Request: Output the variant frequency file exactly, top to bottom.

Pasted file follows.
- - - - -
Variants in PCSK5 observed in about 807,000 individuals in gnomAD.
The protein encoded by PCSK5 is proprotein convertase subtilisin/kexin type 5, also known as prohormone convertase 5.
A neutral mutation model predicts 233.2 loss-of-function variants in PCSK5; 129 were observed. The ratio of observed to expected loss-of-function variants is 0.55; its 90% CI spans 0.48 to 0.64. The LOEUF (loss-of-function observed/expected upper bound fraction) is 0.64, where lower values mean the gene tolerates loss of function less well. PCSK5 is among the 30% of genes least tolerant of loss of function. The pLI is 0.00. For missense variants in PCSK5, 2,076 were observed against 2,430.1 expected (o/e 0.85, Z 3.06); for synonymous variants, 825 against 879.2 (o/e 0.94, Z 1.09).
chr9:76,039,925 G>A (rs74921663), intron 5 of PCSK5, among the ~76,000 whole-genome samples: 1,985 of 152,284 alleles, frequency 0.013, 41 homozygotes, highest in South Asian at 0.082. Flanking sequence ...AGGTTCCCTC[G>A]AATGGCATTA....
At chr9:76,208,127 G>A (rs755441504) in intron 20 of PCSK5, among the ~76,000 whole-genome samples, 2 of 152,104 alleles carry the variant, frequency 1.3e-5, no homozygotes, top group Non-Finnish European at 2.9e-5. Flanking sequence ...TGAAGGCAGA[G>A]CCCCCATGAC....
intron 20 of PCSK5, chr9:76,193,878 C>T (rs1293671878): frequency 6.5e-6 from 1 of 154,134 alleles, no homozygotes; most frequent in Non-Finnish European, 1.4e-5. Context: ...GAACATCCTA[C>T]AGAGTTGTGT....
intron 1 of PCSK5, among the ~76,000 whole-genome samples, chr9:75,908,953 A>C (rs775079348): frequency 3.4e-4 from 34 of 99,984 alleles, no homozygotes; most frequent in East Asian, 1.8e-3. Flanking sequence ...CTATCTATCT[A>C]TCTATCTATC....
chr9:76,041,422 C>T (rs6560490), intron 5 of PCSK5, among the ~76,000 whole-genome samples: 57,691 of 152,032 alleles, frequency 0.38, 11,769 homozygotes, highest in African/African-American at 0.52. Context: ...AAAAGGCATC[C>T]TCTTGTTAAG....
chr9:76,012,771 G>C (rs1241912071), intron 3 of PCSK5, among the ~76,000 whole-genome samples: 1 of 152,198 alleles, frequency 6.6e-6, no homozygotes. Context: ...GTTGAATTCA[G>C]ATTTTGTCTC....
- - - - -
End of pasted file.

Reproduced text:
Variants in PCSK5 observed in about 807,000 individuals in gnomAD.
The protein encoded by PCSK5 is proprotein convertase subtilisin/kexin type 5, also known as prohormone convertase 5.
A neutral mutation model predicts 233.2 loss-of-function variants in PCSK5; 129 were observed. The ratio of observed to expected loss-of-function variants is 0.55; its 90% CI spans 0.48 to 0.64. The LOEUF (loss-of-function observed/expected upper bound fraction) is 0.64, where lower values mean the gene tolerates loss of function less well. PCSK5 is among the 30% of genes least tolerant of loss of function. The pLI is 0.00. For missense variants in PCSK5, 2,076 were observed against 2,430.1 expected (o/e 0.85, Z 3.06); for synonymous variants, 825 against 879.2 (o/e 0.94, Z 1.09).
chr9:76,039,925 G>A (rs74921663), intron 5 of PCSK5, among the ~76,000 whole-genome samples: 1,985 of 152,284 alleles, frequency 0.013, 41 homozygotes, highest in South Asian at 0.082. Flanking sequence ...AGGTTCCCTC[G>A]AATGGCATTA....
At chr9:76,208,127 G>A (rs755441504) in intron 20 of PCSK5, among the ~76,000 whole-genome samples, 2 of 152,104 alleles carry the variant, frequency 1.3e-5, no homozygotes, top group Non-Finnish European at 2.9e-5. Flanking sequence ...TGAAGGCAGA[G>A]CCCCCATGAC....
intron 20 of PCSK5, chr9:76,193,878 C>T (rs1293671878): frequency 6.5e-6 from 1 of 154,134 alleles, no homozygotes; most frequent in Non-Finnish European, 1.4e-5. Context: ...GAACATCCTA[C>T]AGAGTTGTGT....
intron 1 of PCSK5, among the ~76,000 whole-genome samples, chr9:75,908,953 A>C (rs775079348): frequency 3.4e-4 from 34 of 99,984 alleles, no homozygotes; most frequent in East Asian, 1.8e-3. Flanking sequence ...CTATCTATCT[A>C]TCTATCTATC....
chr9:76,041,422 C>T (rs6560490), intron 5 of PCSK5, among the ~76,000 whole-genome samples: 57,691 of 152,032 alleles, frequency 0.38, 11,769 homozygotes, highest in African/African-American at 0.52. Context: ...AAAAGGCATC[C>T]TCTTGTTAAG....
chr9:76,012,771 G>C (rs1241912071), intron 3 of PCSK5, among the ~76,000 whole-genome samples: 1 of 152,198 alleles, frequency 6.6e-6, no homozygotes. Context: ...GTTGAATTCA[G>C]ATTTTGTCTC....